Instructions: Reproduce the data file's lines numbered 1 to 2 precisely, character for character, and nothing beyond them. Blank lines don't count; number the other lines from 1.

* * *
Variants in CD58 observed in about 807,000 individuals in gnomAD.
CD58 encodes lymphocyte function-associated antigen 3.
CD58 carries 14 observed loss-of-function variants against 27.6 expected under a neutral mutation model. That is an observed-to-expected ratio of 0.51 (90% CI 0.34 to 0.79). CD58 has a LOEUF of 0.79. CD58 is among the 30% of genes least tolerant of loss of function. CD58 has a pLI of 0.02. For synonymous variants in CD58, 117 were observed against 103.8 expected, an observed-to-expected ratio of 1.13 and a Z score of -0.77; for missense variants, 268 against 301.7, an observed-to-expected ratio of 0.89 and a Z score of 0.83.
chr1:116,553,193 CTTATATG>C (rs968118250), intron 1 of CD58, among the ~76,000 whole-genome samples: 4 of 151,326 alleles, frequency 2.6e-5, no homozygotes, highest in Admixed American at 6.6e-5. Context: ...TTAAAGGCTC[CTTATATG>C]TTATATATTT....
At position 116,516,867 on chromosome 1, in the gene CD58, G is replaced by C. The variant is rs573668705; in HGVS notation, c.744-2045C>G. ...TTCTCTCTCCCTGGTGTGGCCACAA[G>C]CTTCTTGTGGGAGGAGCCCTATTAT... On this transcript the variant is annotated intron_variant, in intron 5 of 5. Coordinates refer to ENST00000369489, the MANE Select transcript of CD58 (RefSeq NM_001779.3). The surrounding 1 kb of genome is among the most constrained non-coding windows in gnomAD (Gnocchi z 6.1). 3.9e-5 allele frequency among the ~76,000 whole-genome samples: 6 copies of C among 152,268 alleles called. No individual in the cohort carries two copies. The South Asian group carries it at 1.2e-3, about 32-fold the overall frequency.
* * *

Variants in CD58 observed in about 807,000 individuals in gnomAD.
CD58 encodes lymphocyte function-associated antigen 3.